(The following post originally appeared on Lisa’s website. We are reprinting it here in its entirety with her permission.)

Because I make my living as a writer, people might be surprised to know that I have a hard time reading. While the act of writing feels as natural to me as breathing, moving my eyes from word to word on a page sometimes feels akin to pulling a heavy cart uphill.

When I was twenty-five, I asked my eye doctor why, when I read, the white spaces between the words on a page sometimes pop out at me, and why, when I reach the end of a sentence, I often have trouble finding my way to the beginning of the next sentence. I also read slowly and—as demonstrated by my SAT and GRE scores—I suffered from poor reading comprehension.

He said I have a reading disability. “You mean, like dyslexia?” I asked. He shook his head and said there was no real term for my imperfect brain-to-eye connection, but if I wanted to focus better I should 1) move a black sheet of construction paper down the page, sentence by sentence; or 2) trace along the sentences with my finger or a pencil eraser.


I used those strategies to propel me through graduate school—a piece of black paper was always sticking out from the scholarly texts I lugged around Brown University’s campus. I also was quick to join study sessions, where I would glean from conversation all that I’d missed from my readings.

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“Marketing for the Socially Awkward Introvert” / Liesel Jones

Liesel Jones, author of Roxanne in La La Land by L.A. DeVaul (Wido Publishing, 2011), shares her favorite method of marketing. Being a socially awkward introvert, Liesel speaks from painful experience. She sometimes blogs at Sapphire Cat.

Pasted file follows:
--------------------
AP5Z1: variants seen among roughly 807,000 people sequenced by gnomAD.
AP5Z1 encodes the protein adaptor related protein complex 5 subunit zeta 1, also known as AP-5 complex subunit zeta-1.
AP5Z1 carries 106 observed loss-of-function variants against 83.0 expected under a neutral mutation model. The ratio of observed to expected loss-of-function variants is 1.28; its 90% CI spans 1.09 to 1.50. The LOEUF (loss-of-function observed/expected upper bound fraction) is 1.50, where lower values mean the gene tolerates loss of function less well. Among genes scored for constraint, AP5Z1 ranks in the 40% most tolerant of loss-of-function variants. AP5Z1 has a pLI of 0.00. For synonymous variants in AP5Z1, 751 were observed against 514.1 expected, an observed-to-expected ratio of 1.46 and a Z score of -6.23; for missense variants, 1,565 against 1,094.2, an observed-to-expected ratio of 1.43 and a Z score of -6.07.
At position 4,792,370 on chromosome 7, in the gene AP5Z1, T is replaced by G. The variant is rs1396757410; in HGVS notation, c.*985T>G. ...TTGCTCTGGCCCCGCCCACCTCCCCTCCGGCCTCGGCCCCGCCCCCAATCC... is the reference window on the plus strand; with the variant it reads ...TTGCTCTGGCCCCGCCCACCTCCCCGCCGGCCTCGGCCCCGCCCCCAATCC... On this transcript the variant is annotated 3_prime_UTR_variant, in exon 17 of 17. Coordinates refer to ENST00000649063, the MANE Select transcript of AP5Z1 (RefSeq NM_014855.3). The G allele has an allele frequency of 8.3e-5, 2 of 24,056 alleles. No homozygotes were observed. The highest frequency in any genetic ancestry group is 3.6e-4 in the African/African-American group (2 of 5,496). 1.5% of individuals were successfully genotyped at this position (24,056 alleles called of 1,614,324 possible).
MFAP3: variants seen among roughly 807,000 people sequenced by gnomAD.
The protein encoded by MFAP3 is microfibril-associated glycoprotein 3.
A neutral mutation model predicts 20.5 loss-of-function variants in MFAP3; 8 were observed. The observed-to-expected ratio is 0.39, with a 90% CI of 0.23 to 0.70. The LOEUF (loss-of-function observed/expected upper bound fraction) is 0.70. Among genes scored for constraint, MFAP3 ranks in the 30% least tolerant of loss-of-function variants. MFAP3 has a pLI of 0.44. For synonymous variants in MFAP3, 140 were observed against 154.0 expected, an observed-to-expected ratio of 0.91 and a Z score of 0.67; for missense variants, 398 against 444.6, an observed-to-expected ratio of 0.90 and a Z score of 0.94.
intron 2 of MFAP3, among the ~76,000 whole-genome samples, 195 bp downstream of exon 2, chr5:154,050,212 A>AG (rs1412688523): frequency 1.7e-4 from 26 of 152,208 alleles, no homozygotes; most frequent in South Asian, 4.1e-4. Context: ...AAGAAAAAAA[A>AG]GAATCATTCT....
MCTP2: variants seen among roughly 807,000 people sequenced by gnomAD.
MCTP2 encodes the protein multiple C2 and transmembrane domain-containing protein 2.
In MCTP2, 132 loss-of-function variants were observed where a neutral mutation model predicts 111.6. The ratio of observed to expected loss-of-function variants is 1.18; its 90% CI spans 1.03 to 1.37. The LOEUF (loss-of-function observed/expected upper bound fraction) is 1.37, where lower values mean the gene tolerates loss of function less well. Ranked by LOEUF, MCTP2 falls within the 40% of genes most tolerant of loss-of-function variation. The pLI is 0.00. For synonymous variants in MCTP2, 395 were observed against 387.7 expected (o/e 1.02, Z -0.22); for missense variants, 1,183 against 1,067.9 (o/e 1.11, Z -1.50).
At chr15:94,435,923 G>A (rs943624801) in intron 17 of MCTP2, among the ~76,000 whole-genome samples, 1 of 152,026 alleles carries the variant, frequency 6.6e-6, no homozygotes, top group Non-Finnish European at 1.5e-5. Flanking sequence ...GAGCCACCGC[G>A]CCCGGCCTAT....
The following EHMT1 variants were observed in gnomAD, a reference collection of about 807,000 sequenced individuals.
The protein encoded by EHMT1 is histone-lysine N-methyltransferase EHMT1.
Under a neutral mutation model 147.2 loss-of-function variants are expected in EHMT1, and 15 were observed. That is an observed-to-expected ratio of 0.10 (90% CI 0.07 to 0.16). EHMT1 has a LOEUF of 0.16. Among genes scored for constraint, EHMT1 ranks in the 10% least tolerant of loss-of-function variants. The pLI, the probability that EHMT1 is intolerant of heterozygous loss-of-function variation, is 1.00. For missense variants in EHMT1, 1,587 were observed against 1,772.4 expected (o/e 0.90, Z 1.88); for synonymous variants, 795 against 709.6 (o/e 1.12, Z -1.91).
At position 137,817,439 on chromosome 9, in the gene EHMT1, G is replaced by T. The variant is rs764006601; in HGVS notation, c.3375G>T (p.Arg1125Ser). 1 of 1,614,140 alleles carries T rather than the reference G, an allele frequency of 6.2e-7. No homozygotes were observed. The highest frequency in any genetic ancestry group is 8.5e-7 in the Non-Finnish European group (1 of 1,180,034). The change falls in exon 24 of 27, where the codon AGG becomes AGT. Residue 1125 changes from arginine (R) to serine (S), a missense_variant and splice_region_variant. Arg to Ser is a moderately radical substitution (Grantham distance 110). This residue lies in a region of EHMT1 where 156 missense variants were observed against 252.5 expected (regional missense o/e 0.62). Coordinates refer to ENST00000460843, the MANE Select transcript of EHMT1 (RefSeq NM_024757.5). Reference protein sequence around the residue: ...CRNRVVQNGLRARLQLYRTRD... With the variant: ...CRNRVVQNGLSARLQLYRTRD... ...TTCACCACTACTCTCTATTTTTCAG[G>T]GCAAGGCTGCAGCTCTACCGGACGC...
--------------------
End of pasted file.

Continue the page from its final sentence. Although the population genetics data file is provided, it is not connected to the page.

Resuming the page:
Let’s face it, some of us writers are more secluded, nervous about making eye contact, than others. And that’s fine. We all have our unique powers. But the question that used to get me down is: if I’m not outgoing and smiling and talking to people about my book, how will I sell anything?

So your book is coming out, or it’s out already, and you have heard the success stories about being a great marketer by doing simple things like posting on Facebook, Twitter, or whatever else. You will probably create a website or blog and convince yourself you can be outgoing for a while. And you are; blogging with personality and unleashing your charm on Twitter. But it feels forced. You can’t keep it up forever and those bestseller numbers – or any numbers – just aren’t coming.

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“How My Essay Squeaked into The New York Times” / David Kalish

DavidAuthor 043David Kalish writes essays, novels, and plays. He is the author of The Opposite of Everything (WiDo Publishing, 2014), a romantic comedy and cancer story rolled into one. This post originally appeared in the Times Union blog where Kalish contributes regularly.

For several years now, my wife has urged me—in no uncertain terms—to submit an essay to “Modern Love,” a column in The New York Times that explores the complexities of modern relationships.

I hemmed and hawed. Despite having a compelling story to tell—how my cancer derailed our dreams and brought us unexpectedly closer — I knew my chances of acceptance by The Times were miniscule. Moreover, I was reluctant to revisit painful real-life material.